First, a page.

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The Only Constant is Change


The linear and pristine pacing of a lesson plan is in stark contrast with the dynamic, and unforeseeable rhythm of the classroom. It would be like trying and sail a boat in a straight line without paying attention to waves and winds. You might be very dissapointed with the result. All the best teachers are flexible, on their toes, and mentally present to engage with their students. They know that as long as the ship is moving towards the destination, all is well. It will not help to get frustrated or emotional. It's been shown that students shut down when they feel anxiety or stress, so a teacher must be simultaneously insatiable for progress towards the lesson goal, while on the other hand be grateful for whatever progress is made.

So when my older students came in today, maybe it was their previous class, maybe it was the weather, maybe it was the temperamental nature of their age group, but I could tell that today I would have to be especially flexible with them, or I would be tearing my hair out by the end of the lesson. The plan called for some demanding group discussion up front, followed by some more laid-back individual book work. Although it didn't seem natural to the flow of the lesson when I wrote the plan, I decided to switch the activities to better suit the immediate mood of the students. I could tell they didn't want to engage with me or each other, so we began with the individual work and it allowed them to sink their teeth into something and help reset their attitudes. By the time we finished their workbooks, they were in better spirits and ready to participate as a group. So although the lesson wasn't as smooth as I had planned, we still got through the material, and the overall reception of the class was better for having the lesson bent to fit their emotional needs.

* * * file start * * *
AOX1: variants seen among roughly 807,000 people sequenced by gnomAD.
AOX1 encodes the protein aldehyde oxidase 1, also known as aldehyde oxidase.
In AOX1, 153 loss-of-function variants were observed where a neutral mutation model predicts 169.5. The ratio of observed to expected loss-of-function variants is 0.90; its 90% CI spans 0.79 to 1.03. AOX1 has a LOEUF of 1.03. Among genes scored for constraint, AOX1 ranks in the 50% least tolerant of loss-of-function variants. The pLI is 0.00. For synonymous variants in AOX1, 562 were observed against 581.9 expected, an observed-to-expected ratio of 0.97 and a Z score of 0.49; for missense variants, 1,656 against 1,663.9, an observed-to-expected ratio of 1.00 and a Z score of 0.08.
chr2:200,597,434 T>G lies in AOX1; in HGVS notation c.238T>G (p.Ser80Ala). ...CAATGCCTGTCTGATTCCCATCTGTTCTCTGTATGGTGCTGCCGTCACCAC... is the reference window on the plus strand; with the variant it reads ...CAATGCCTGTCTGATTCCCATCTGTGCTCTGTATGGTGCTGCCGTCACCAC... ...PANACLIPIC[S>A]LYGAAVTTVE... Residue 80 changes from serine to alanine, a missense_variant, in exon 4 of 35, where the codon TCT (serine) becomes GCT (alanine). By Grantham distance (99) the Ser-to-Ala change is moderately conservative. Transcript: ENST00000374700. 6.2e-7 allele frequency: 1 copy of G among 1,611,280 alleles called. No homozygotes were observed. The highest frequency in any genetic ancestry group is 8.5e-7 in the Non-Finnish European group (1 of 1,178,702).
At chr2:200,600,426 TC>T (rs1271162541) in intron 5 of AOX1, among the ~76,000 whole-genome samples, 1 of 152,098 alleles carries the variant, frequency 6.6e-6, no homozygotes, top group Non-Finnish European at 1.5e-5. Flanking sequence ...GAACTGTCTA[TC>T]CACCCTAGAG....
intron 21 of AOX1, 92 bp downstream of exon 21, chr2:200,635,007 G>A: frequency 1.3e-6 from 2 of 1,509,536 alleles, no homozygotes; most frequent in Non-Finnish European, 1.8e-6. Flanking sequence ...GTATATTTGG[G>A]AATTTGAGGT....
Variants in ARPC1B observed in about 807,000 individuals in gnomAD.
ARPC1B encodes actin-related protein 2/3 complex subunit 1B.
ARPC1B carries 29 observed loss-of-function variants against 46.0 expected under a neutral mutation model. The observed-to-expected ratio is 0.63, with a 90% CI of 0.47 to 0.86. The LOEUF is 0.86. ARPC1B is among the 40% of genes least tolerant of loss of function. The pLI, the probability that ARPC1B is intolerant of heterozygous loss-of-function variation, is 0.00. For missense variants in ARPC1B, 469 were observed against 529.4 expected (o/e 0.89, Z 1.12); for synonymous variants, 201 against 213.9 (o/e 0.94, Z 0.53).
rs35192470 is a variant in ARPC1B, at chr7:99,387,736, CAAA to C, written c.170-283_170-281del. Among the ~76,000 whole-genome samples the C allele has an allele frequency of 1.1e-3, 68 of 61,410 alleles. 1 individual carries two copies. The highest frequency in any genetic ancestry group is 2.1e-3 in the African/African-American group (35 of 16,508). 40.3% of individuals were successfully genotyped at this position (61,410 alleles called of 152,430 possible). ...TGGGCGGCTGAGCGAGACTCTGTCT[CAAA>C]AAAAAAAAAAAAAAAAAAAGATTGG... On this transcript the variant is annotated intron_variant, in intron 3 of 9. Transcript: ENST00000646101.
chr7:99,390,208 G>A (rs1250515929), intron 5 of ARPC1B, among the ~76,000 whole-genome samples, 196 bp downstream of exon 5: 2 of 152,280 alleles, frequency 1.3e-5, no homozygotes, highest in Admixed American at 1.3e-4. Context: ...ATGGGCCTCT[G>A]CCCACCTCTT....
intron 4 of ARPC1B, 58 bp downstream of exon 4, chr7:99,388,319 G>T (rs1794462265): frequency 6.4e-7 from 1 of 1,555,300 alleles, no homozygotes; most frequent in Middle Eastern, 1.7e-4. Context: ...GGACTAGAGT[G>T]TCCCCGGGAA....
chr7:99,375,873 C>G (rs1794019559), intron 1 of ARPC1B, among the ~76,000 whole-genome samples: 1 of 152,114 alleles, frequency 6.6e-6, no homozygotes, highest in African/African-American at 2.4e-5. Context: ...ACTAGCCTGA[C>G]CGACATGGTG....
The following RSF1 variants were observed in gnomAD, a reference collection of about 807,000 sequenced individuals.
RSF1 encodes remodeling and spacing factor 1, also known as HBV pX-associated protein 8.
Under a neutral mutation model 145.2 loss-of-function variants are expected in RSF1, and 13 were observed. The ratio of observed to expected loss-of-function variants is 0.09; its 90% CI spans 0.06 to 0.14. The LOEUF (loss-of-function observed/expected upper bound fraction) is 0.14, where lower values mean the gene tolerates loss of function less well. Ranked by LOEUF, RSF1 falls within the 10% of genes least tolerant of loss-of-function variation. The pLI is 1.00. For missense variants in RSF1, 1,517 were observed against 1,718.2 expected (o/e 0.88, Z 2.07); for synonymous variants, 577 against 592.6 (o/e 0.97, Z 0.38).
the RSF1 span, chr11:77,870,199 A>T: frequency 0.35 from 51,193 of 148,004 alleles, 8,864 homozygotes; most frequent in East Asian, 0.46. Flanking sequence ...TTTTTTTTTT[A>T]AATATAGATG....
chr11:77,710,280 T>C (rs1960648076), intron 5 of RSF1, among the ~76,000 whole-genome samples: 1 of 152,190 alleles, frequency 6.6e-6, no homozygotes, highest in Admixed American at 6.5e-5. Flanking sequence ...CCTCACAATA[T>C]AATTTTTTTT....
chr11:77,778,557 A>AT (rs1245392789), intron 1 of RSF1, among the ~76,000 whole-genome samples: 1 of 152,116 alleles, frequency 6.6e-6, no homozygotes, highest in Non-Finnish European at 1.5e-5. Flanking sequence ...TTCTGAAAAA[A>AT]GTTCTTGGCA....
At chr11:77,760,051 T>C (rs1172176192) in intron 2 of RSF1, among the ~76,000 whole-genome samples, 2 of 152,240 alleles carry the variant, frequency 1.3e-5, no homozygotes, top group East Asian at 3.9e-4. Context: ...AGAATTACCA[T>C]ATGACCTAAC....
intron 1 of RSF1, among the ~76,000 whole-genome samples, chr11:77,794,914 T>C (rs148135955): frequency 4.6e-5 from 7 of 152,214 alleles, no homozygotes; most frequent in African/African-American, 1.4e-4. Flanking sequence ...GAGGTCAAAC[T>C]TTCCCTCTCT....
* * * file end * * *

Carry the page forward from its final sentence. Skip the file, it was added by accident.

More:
That said, there are also times where it pays to stick to the course, and not to change the plan, but to discipline the students to adapt to your lesson plan. But there are also times when it pays to bend with how the students are feeling, or to lower or raise expectations depending on student understanding. It is a skill that is gained with experience, and the mark of a good teacher is one who can bend and flow with their students immediate needs, and yet also knows when to stay firm and demand compliance. So when you are creating the plans for your lessons it's always a good idea to allow for some flexibility from the start. Some Inquiry-Based Learning programs encourage creating a plan before class, but leaving that plan behind as soon as the class begins, as there is no way a teacher can imagine how students will engage and evolve with the lesson once it has begun. The truth is that the only constant in life is change, and that allowing for flexibility makes the class a better fit for both the students, and the teacher.


What do you think? Do you stick to your guns and work to get your students on board? Is that what helps keep results consistently progressing? Or do you plan for the unexpected and let students have a stronger say in how the class progresses? Please give me some feedback in the comments section on Facebook, I'd love to hear your stories, your opinions, or your snarky jokes.

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